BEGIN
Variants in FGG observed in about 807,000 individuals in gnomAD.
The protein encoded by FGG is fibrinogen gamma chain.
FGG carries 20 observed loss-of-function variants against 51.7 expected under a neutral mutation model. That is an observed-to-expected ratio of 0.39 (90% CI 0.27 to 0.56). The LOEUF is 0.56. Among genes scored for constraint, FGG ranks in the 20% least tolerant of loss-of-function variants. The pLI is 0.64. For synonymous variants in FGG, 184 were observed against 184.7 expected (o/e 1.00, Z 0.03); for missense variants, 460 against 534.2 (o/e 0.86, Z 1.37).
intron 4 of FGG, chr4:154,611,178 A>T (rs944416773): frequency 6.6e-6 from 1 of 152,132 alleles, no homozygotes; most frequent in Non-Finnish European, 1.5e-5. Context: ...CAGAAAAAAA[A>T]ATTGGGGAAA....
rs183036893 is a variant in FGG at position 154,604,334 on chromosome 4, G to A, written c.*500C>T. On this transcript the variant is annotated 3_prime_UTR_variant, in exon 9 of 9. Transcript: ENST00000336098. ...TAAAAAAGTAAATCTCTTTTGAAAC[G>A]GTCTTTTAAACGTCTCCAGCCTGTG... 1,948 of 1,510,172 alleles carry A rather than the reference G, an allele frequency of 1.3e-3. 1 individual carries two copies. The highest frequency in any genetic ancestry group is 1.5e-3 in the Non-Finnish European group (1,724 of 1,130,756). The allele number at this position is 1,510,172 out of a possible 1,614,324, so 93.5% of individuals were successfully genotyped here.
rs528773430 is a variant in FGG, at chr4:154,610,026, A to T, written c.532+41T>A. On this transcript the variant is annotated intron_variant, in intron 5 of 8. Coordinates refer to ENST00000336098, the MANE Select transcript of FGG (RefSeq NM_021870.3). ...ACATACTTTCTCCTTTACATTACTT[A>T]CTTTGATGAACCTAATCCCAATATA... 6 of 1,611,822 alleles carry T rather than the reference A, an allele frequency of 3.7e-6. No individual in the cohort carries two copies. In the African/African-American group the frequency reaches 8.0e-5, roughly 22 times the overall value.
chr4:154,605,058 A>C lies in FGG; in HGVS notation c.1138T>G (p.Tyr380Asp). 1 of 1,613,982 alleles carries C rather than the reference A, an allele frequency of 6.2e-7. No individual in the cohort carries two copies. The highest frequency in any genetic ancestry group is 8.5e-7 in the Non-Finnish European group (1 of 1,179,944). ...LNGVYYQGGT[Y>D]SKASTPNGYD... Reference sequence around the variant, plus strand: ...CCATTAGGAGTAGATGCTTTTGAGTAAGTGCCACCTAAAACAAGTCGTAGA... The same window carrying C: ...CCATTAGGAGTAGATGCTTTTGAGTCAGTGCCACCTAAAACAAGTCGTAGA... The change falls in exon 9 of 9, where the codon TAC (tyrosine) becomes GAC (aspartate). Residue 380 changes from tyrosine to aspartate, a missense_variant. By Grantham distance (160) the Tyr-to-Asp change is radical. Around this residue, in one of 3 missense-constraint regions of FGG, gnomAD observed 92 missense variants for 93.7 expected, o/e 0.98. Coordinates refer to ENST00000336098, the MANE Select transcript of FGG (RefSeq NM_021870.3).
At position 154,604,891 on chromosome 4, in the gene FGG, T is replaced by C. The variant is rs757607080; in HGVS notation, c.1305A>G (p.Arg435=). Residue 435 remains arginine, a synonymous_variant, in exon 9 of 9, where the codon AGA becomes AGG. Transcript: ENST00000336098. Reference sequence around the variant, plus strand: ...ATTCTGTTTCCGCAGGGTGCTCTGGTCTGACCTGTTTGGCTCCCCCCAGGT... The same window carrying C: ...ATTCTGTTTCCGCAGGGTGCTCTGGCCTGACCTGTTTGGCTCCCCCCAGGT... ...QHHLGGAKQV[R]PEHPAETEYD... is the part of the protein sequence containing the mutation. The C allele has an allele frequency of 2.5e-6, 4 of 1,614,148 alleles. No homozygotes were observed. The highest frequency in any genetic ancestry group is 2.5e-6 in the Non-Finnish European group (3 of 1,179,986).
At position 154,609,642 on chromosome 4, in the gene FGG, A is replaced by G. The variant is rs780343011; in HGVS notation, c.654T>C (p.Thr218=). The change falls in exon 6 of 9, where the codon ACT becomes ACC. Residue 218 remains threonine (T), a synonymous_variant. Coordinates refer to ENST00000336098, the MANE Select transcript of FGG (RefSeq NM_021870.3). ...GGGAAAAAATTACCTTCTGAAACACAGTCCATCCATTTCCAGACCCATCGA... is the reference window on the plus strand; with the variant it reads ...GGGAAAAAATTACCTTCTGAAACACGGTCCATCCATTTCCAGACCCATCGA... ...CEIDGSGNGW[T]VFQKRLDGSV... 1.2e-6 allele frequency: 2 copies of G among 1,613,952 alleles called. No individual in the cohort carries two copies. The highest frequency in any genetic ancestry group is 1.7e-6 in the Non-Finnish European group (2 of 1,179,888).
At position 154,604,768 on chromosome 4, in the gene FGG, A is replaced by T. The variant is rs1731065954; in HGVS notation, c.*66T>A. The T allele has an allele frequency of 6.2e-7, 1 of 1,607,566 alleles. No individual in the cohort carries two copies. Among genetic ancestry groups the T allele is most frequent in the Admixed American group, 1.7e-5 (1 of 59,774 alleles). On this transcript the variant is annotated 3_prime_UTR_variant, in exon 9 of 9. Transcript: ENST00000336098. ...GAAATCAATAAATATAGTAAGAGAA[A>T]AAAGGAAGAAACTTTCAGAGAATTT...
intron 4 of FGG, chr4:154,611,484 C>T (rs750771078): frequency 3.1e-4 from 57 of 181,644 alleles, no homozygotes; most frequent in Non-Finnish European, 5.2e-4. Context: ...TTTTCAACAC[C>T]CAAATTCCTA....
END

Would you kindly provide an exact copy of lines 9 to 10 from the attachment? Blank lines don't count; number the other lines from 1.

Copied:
At position 154,609,642 on chromosome 4, in the gene FGG, A is replaced by G. The variant is rs780343011; in HGVS notation, c.654T>C (p.Thr218=). The change falls in exon 6 of 9, where the codon ACT becomes ACC. Residue 218 remains threonine (T), a synonymous_variant. Coordinates refer to ENST00000336098, the MANE Select transcript of FGG (RefSeq NM_021870.3). ...GGGAAAAAATTACCTTCTGAAACACAGTCCATCCATTTCCAGACCCATCGA... is the reference window on the plus strand; with the variant it reads ...GGGAAAAAATTACCTTCTGAAACACGGTCCATCCATTTCCAGACCCATCGA... ...CEIDGSGNGW[T]VFQKRLDGSV... 1.2e-6 allele frequency: 2 copies of G among 1,613,952 alleles called. No individual in the cohort carries two copies. The highest frequency in any genetic ancestry group is 1.7e-6 in the Non-Finnish European group (2 of 1,179,888).
At position 154,604,768 on chromosome 4, in the gene FGG, A is replaced by T. The variant is rs1731065954; in HGVS notation, c.*66T>A. The T allele has an allele frequency of 6.2e-7, 1 of 1,607,566 alleles. No individual in the cohort carries two copies. Among genetic ancestry groups the T allele is most frequent in the Admixed American group, 1.7e-5 (1 of 59,774 alleles). On this transcript the variant is annotated 3_prime_UTR_variant, in exon 9 of 9. Transcript: ENST00000336098. ...GAAATCAATAAATATAGTAAGAGAA[A>T]AAAGGAAGAAACTTTCAGAGAATTT...